Newsman and Wright biographer Fred. C. Kelly

Whatever the case — Hazelgrove has made a decent enough argument here with a lot of facts, research and document-based evidence. He puts it all out there and let’s the reader decide — except perhaps at the end of the book when Hazelgrove goes into full editorial mode. He forcefully states that Orville did a lot of illicit hijacking of the historical record, especially through his Byzantine editorial control over the first major biography of the Wrights by compliant and hungry journalist FRED KELLY.

Does Hazelgrove go too far in smashing Orville down to size while elevating Wilbur to the lofty status of a virtual Icarus? I’ll say, very mildly, that he does go too far. I’m not saying I’m right and that Mr. Hazelgrove is wrong, but I think there are lot of intangibles that need to be considered. I think every Don Quixote needs a Sancho Panza, every Batman needs a Robin, every Frodo needs a Sam Gamgee.

Katharine Wright. Lesbian?

Certainly, Orville repeatedly and willingly risked death in the early test flights. He also suffered the deep privations on the brutal sands of Kitty Hawk as he supported his brother’s “crazy dream.” Orville was there for his big brother! He could have happily been devoting his time to his own successful bicycle business, building wealth and a local reputation for himself. Also, both men battled broiling heat by day and bitter cold by night — and tortuous mosquitoes, hurricane winds, choking, smoke-filled tents, isolation and boredom, scarce food and the wicked, cloying sands of the Carolina beach.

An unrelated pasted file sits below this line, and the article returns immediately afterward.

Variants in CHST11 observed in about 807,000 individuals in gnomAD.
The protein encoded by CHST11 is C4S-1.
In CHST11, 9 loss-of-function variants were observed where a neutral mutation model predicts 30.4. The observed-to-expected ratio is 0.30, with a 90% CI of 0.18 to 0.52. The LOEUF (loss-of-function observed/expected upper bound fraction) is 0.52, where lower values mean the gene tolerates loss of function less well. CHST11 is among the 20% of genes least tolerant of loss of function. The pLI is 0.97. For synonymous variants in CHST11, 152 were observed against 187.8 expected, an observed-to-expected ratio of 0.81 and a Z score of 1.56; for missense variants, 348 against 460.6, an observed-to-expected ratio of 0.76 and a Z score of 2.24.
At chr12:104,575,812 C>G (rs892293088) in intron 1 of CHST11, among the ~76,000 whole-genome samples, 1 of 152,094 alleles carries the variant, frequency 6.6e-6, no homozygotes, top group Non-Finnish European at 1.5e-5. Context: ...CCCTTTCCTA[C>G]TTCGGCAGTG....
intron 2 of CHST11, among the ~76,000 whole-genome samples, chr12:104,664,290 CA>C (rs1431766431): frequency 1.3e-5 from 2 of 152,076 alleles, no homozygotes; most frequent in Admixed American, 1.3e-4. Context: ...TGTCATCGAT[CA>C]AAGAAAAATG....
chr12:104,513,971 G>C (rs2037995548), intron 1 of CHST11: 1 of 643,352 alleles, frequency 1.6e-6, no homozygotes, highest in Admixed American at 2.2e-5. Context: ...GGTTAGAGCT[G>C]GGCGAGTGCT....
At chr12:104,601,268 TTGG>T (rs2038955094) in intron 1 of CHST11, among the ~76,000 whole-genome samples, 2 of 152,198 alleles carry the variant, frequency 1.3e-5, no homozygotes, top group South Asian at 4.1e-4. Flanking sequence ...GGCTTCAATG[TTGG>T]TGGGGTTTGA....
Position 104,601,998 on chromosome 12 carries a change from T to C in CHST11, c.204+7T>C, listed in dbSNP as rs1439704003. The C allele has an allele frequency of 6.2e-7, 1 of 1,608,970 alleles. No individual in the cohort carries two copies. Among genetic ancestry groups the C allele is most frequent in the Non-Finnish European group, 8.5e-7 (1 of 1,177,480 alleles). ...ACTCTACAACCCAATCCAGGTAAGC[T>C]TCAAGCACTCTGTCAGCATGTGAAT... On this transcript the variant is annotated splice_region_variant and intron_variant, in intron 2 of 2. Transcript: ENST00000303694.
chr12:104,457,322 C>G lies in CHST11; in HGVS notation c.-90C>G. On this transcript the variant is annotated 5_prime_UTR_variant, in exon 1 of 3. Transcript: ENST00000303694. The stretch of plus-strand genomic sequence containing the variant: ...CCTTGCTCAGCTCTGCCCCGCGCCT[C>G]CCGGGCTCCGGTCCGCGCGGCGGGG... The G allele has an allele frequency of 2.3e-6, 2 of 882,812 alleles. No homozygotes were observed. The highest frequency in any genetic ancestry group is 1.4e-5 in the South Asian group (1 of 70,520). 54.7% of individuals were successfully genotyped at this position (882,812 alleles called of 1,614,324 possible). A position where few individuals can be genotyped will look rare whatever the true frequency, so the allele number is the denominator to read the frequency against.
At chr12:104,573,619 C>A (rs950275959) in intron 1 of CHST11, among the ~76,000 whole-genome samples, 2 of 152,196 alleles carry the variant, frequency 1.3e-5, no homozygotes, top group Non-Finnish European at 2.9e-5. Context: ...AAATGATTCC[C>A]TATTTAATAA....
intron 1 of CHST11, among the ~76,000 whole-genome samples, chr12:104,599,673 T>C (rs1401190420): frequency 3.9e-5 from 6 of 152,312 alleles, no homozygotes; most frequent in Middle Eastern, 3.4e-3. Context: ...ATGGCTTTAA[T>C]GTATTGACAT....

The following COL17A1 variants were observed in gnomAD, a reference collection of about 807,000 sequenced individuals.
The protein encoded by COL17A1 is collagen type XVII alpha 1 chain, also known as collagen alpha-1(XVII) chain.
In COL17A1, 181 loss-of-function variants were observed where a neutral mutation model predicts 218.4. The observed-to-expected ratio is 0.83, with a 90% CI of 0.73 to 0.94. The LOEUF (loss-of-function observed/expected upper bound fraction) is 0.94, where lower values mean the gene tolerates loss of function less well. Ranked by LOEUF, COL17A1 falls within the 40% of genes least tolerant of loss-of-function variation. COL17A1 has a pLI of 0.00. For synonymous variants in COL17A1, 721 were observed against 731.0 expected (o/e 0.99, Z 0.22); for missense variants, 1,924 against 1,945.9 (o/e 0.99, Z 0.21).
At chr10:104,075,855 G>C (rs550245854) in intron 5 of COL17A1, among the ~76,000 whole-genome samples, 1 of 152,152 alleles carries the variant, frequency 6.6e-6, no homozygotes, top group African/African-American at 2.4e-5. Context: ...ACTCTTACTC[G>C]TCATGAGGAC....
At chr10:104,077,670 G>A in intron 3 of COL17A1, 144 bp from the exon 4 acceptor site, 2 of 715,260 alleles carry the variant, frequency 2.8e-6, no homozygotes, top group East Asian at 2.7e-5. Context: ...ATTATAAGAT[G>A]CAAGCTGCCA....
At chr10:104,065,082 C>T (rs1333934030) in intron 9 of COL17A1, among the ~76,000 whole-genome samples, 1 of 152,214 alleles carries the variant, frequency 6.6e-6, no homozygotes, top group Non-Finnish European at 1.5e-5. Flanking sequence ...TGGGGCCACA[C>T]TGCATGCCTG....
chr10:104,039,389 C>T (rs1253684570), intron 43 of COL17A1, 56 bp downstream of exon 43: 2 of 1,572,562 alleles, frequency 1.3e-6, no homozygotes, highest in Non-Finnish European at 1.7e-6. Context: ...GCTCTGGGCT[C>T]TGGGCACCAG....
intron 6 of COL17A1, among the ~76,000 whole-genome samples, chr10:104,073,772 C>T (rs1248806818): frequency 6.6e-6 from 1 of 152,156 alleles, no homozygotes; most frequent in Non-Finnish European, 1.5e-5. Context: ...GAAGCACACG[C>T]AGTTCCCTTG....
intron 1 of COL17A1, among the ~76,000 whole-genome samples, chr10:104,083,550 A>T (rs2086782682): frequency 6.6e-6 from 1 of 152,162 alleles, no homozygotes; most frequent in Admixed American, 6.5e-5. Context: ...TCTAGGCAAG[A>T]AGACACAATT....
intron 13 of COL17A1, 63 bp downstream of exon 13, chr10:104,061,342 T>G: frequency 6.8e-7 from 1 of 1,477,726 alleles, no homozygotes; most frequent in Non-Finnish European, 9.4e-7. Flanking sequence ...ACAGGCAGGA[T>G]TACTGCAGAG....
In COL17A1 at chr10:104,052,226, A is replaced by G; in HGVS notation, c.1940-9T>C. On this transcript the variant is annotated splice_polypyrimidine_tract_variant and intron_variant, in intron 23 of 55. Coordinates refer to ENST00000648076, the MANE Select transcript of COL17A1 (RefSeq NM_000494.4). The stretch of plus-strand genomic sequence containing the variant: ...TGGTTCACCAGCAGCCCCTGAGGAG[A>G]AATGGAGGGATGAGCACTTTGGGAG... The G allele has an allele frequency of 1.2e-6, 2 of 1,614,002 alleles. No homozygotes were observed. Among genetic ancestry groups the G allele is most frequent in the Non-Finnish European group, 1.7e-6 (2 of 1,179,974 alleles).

On the other hand, stirring the pot of controversy makes this a more juicy, enjoyable read. Add to that Hazelgrove’s marvelous ability to turn a fine phrase. He makes a work of history read like thrilling fiction. Mr. Hazelgrove cut his chops writing mainstream novels. Now he brings his flare for fiction to factual history that makes it come alive with colorful “characters” who are working through a complex plot among exotic locations — except these plots, places and situations  are real.

NOTE: The following links will take you to the other William Hazelgrove books I have reviewed on this site:

AL CAPONE AND THE 1933 WORLD’S FAIR by William Hazelgrove

MADAM PRESIDENT by William Hazelgrove.

ROCKET MAN (Fiction) by William Hazelgrove

THE PITCHER (fiction) by William Hazelgrove

JACK PINE (Fiction) by William Hazelgrove

REAL SANTA (Fiction) by William Hazelgrove

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Ken Korczak is a former newspaper reporter, government information officer, served as an advocate for homeless people as a VISTA Volunteer, and taught journalism at the University of North Dakota for five years. He is the author of: BIRD BRAIN GENIUS

All NEW: KEN’S BOOK REVIEW SITE ON FACEBOOK: REMOTE BOOK REVIEWING

Chicago-based Author William Hazelgrove Delivers a Spellbinding Narrative on the 1933 Chicago World’s Fair


Review by: KEN KORCZAK

Think of some of the most incredible achievements of human ingenuity – the construction of the Great Pyramids of Egypt, the digging of the Panama Canal, landing a man on the moon …

… well, after reading AL CAPONE AND THE 1933 WORLD’S FAIR I’m tempted to put what the city of Chicago pulled off in the depths of the Great Depression right up there with some of the most stunning accomplishments in human history.